The optimal value function (v*(s)) and optimal action-value function (q*(s,a)) correspond to the maximum value achievable by any policy.

Optimal policies achieve the optimal value and action-value functions, and there is always a deterministic optimal policy for any MDP.

The Bellman optimality equation is non-linear and requires iterative solution methods.

This paper provides a solid foundation for understanding the key concepts and components of reinforcement learning. It highlights the importance of MDPs, policies, value functions, and optimality in the context of RL. Understanding these fundamentals is crucial for developing and applying RL algorithms to various problem domains.

### Dynamic Programming (DP)

Dynamic Programming (DP) is a class of algorithms used to compute optimal policies for a given Markov Decision Process (MDP) when a perfect model of the environment is available.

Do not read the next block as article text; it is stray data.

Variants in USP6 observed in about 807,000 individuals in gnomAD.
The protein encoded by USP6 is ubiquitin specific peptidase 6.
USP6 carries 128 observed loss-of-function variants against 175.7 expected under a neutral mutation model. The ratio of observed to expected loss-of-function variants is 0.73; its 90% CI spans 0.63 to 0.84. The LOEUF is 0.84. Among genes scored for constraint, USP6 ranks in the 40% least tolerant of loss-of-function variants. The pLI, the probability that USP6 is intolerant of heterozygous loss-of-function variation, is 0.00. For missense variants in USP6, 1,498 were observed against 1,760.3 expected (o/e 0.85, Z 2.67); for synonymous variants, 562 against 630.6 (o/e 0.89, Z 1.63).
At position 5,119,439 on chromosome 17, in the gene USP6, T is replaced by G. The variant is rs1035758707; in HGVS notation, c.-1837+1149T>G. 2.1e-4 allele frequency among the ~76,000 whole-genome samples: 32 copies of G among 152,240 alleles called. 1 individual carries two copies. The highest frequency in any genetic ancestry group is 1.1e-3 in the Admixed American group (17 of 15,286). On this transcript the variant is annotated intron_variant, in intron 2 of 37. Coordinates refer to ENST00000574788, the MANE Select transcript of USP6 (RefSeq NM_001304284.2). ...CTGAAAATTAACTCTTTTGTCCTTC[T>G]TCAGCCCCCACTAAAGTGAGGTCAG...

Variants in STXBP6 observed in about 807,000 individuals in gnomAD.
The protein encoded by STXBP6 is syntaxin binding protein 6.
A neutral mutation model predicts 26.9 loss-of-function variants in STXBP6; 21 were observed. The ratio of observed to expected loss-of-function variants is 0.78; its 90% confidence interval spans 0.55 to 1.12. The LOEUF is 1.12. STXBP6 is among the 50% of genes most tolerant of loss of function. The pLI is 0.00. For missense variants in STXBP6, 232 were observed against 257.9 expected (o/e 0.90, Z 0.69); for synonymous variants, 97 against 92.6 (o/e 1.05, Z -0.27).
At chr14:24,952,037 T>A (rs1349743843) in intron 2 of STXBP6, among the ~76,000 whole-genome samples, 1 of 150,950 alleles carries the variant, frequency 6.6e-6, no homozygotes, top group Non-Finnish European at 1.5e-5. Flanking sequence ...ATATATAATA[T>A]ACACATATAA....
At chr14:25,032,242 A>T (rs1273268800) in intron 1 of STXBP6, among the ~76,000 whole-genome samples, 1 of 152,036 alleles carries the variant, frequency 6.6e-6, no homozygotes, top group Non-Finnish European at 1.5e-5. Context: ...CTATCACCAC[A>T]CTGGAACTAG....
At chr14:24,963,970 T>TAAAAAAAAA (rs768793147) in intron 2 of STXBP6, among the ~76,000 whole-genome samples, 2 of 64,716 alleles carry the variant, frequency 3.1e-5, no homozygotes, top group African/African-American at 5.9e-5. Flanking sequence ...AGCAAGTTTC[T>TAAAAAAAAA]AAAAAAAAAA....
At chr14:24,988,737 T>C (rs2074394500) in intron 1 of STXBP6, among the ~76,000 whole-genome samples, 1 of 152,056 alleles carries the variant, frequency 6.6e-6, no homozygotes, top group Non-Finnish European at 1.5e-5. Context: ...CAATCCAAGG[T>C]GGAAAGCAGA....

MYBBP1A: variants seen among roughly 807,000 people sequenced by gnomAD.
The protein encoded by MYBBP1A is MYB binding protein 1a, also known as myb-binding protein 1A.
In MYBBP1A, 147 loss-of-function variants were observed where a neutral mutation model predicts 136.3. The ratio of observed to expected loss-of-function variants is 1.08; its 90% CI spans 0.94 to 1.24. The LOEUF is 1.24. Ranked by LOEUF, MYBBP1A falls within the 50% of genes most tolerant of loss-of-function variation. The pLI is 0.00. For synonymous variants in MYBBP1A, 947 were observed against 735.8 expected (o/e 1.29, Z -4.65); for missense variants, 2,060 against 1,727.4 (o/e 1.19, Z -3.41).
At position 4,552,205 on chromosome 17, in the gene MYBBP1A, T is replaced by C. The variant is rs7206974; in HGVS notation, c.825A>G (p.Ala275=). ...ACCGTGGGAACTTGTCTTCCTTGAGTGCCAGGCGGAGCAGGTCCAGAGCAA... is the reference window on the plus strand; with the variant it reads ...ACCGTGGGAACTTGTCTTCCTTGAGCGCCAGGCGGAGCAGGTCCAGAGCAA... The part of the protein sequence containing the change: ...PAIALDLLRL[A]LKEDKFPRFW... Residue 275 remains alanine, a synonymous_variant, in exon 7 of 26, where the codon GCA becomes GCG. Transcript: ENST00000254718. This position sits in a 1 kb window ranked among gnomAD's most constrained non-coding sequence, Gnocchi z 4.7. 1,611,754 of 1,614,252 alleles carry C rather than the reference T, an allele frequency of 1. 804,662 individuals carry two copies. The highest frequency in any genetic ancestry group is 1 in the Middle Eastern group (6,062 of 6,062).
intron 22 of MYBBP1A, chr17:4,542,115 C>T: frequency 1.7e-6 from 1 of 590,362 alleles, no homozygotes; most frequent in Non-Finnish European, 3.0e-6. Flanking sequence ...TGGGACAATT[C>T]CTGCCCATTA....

DP breaks down complex problems into subproblems and combines their solutions, which is particularly useful when subproblems overlap and their solutions are needed repeatedly.

In the context of MDPs, DP's recursive decomposition corresponds to the Bellman equation, and the cached solution corresponds to the value function. While DP assumes a fully known MDP and does not address the complete reinforcement learning problem, it is useful for planning.

Planning can be used to address the prediction problem by finding the value function vπ of a given policy π. This is done by iteratively applying the Bellman Expectation Backup (Equation 8) until convergence to a unique fixed point vπ. The convergence can be proven using the contraction mapping theorem (Banach fixed-point theorem).

The contraction mapping theorem states that when a Bellman expectation backup operator Tπ is applied to two value functions u and v, it is a γ-contraction. This means that the distance between Tπ(u) and Tπ(v) is always less than or equal to γ times the distance between u and v. This contraction property ensures that both u and v converge to the unique fixed point of Tπ, which is vπ.

For control problems, DP can be used to find the optimal value function v∗ and the optimal policy π∗. One approach is policy iteration, which consists of two steps: